Runoff election push returns after setback
CASPER —The effort to bring runoff elections to Wyoming’s primaries has been revived.
Last year, a legislative committee failed to advance legislation that would institute runoff elections if no one candidate received more than 50% of the vote.
On Monday, Rep. Chip Neiman, R-Hulett, filed his own bill and constitutional amendment that would do just that. If successful, the representative’s runoff election bill would go into effect in 2023 — in time for the 2024 statewide elections. The runoff bill would apply to statewide elected officials, state legislators and any federal races.
Proponents of runoff elections say they would prevent someone from succeeding with less than a majority vote.
In Wyoming, elections are often effectively determined in the primary, as the state is deeply red. The GOP supermajority can also lead to crowded Republican primaries in which the winning candidate receives less than a majority of the votes.
As it stands now, candidates only need to receive a plurality of the vote to advance to the general election.
Runoff supporters often cite Gov. Mark Gordon’s 2018 election to make their case. Gordon won his primary with roughly one-third of the Republican vote. Approximately 47% of GOP voters supported the two runners-up: the late Foster Friess and Harriet Hageman (who is now challenging Rep. Liz Cheney).
If a runoff had been in effect at the time, that 47% would have decided between Gordon and Friess, Neiman argued.
“Call me nuts, but I believe Wyoming voters are engaged,” he said. “You’ve got two candidates running to be the lone Republican candidate. I actually believe there’s going to be more emphasis and more desire for the candidates to work very diligently to court voters.”
However, voter turnout has historically declined almost across the board between the
primaries and the runoffs, according to FairVote, a nonpartisan electoral reform organization.
But states such as Georgia have recently bucked that trend.
As Neiman’s bill stands, the primary would be moved from August to May and the runoff would take place in August if it is necessary.
Runoff legislation moved through the Joint Corporations, Elections and Political Subdivisions Committee this past interim, but the accompanying constitutional amendment failed. Without a constitutional amendment, the runoff bill is essentially moot, so the committee then voted to table the legislation.
Neiman’s personal bill follows multiple contentious and crowded meetings that addressed primary election reform in 2021.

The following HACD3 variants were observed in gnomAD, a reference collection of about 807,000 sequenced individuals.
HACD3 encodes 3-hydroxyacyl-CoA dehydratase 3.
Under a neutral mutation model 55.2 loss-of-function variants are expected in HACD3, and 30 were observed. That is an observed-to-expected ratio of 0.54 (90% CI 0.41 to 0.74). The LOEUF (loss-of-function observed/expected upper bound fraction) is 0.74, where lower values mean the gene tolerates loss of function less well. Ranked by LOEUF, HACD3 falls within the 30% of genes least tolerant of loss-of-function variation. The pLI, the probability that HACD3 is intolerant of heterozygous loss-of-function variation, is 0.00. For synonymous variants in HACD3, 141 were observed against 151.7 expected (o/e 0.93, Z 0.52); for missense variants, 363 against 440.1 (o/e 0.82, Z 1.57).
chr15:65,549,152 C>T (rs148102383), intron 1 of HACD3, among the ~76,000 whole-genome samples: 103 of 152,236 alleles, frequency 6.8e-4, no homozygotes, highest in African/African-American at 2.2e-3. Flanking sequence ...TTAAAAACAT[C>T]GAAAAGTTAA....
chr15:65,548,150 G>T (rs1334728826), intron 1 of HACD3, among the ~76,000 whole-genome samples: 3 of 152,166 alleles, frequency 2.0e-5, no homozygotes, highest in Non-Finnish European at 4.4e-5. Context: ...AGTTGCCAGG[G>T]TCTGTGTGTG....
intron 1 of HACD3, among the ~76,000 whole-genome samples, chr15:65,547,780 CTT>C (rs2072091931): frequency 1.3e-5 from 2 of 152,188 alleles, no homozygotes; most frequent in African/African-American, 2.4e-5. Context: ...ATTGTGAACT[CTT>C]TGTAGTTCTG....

In weeks leading up to a committee meeting, Neiman had asked lawmakers to pledge their support for changes to primary elections, particularly vying for a runoff election, because “Wyoming has struggled with primary election integrity,” he wrote in an email to lawmakers.
This move led many lawmakers on the committee to come down on him over the pledge.
“I think you made like a freshman error to call everybody out on this and cause dissension when there’s not enough information on the table,” Sen. Cale Case, R-Lander, said at the time.
A committee meeting that addressed runoffs later in the summer was so well attended that dozens more chairs were brought in. Even then, people were still standing at the back of the room.
Secretary of State Ed Buchanan and Wyoming Republican Party Chairman Frank Eathorne were both present, in addition to a number of other state Democrat and Republican officials.
Despite widespread engagement from Wyoming’s political class, Neiman’s bill and constitutional amendment face some tall hurdles. At the upcoming budget session, bills not related to redistricting or the state’s two-year budget need two-thirds support to even be heard.
The bill cannot be enacted without the accompanying constitutional amendment, which requires two-thirds support from each chamber to be put on the ballot in the next general election. If the amendment makes it on the ballot, it requires a majority of the total votes cast to go into effect.
“It’s a really high bar,” Neiman said.
Even if the bill fails this time around, it’s likely to come before the Joint Corporations committee again in the upcoming interim and in the 2023 general session, when measures do not require two-thirds support to be introduced.
Support for runoff elections in Wyoming gained momentum after the practice was backed by former President Donald Trump, who remains popular here.
Trump issued multiple statements on the matter, acknowledging Wyoming’s history of Republican candidates splitting votes and the need for “one candidate.” He branded runoff legislation as a way to take down Rep. Liz Cheney, who angered Trump when she voted to impeach him in January 2021.
After Trump endorsed lawyer Harriet Hageman in September, a number of candidates chose to drop out because of the state’s history of splitting votes. The push to change Wyoming’s primary elections has been going on for a number of years, but it is gaining traction due to the increased desire to unseat Cheney, who angered many Republicans with her repeated criticism of the former president.
“I don’t think we can have a serious, merit-based discussion as long as it's going to be motivated by this big desire to unseat Liz Cheney,” said Joe Barbuto, chair of the Wyoming Democratic Party.
If runoffs are eventually instituted, they will come with a notable price tag. It would cost about $260,000 between the extra administrative costs and additional absentee ballots. A second election cycle in August would cost roughly $1.1 million statewide, county clerks have previously testified.
When it comes to reforming primaries, the Corporations Committee also looked at ranked-choice and jungle primaries over the past few months.